One Poem At A Time: Chronicling The Journey Of Alzheimer's
After getting a diagnosis of Alzheimer’s, many feel scared, anxious and uncertain about the future. One Virginia woman decided to use poetry to convey her experiences and help others understand a disease that’s often hidden. In 88.9 WCVE’s series on Alzheimer’s and Dementia, Virginia Currents Producer Catherine Komp has more.
Learn More: Find more stories and information on Alzheimer's and Caregivers and watch the November 10th 9:00 pm premiere of WCVE PBS documentary Alzheimer's: the Caregivers Perspective. If you're not in the viewing area, watch on Facebook Live.
Peg Carter had a long career in education. Back in the ‘60s, she taught social studies and language arts in junior high. Then she got a Masters degree in reading; next a PHD in Learning Theory. She used that to teach medical students and faculty how to learn.
Peg Carter: I’ve always been a teacher at heart, always, always, always. I loved science, but I did not want to be in a science. I loved what my mother did ...
Her mother was a pediatrician.
Carter: Blood didn't gross me out or anything, but I liked the humanness and personalness of working with kids. And then adults are okay too.
Now 69 years old, Carter is enjoying retirement. She’s a member of the local CERT, or community emergency response team, trained to support relief efforts if there’s a disaster. She volunteers at a local food bank, sings in a choir and belongs to a quilting group.
Carter: I only do the tying because I don’t know how to sew (laughs) but we tie the quilts, other ladies sew the squares together (laughs).
Carter loves to laugh. Growing up, her home was filled with joking and storytelling. That continues as does her love of poetry. She wrote her first poem when she was 10.
Carter: Today’s the day we honor our gods, on Mount Olympus with spears and Rods. To Zeus we bow and give him due, the other gods we honor too. (laughs) Not quite good stuff…(laughs)
As an adult, Carter continued writing poems, exploring nature, relationships, beauty. So it was natural, when the doctor confirmed she had early onset Alzheimer’s, to sit down with a pen and notepad.
Carter: It is called, the Verdict. This is when I got my diagnosis. I had sensations before that but this is when I had my diagnosis which was April of 2015.
(Carter recites The Verdict)
After getting the diagnosis, Carter says she allowed herself time to mourn. Time to get angry. Time to sit with her husband and cry.
Carter: And we just decided we were going to live and continue on. I’m not dead yet, I’m not even half done, (laughs) so let’s go on, so that’s what I did.
Carter already had an intimate perspective of Alzheimer’s. Her father, a PHD physicist, was forced from his job at age 60 because of the disease. His mother had it, and two of his siblings. The path was known, says Carter, but it’s still frightening.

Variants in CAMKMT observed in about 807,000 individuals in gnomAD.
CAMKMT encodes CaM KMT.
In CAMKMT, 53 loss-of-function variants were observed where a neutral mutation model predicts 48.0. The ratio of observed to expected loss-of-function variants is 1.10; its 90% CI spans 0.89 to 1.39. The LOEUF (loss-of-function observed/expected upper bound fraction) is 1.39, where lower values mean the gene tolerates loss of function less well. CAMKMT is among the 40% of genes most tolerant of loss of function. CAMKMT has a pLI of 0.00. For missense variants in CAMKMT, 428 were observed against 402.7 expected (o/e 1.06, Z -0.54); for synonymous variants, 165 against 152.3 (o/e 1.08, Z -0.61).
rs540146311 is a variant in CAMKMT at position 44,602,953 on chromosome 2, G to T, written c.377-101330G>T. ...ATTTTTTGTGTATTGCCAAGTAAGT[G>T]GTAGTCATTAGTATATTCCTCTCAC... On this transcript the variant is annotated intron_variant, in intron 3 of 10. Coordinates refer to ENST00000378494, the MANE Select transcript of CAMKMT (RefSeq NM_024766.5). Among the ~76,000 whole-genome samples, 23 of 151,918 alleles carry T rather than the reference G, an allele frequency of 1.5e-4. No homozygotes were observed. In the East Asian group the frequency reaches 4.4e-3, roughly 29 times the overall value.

Carter: Many diseases have an outward projection that can be much more easily understood. If you have breast cancer and even if you have to lose your breast, you are still you; if you have polio or something like that and can not walk, you are still you. But Alzheimer’s strikes the very essence of ourselves, our mind. Because the mind is at the center of our being, it is who we are! And [Alzheimer’s] sneaks and creeps and chews and tears away until it’s gone.
Sitting at her kitchen table, Carter pages through dozens of poems she’s written during the past year and a half. This one is called How Fast Is Slow?
(Carter recites How Fast is Slow?)
Medication helps the symptoms says Carter, but it’s still Alzheimer’s. There is no cure and it will progress. Space Docking is Carter’s look at what’s happening in the brain, what’s happening to memories and ultimately one’s identity.
(Carter recites Space Docking)
Carter: Since it is such a nasty disease, I have decided what’s best thing I can do about it. And so I want to be a chronicler of the journey and I do have gift with poetry and I’m going to continue it all the way along to see and be able to express through the different stages as far as I can.
Poetry, says Carter, can help family members and caregivers understand, on a different level, what the experience is like. Because it’s such a hidden disease, she hopes her words will help shatter the stigma, help bring those with dementia out of the darkness and show they can and should continue to be a part of their community.
Carter: I think because of my particular experience and because I do have a way with words, that I can maybe let others into what it is really like for those of us who are going through Alzheimer’s and I’d like that to be shared with a wider world.
(Carter recites the Unraveling)
Carter hopes to publish her poems, and reach more people - those diagnosed with dementia, their family, loved ones and friends. Her advice to others with the disease - first, allow yourself to mourn.
Carter: Let yourself mourn, but don’t wallow. Evaluate yourself, look to your inner self and see what are your inner strengths that you have. Think about your team work you can have, a team for yourself, your friends and a network that can support you -- and you will be supporting too. It’s a give and take, it is not a one way direction there. Perhaps find some new activities to do to stimulate your brain and get you into new experiences and out of a rut. And never give up. And still remember you are still you.
For Virginia Currents, I’m Catherine Komp, WCVE News.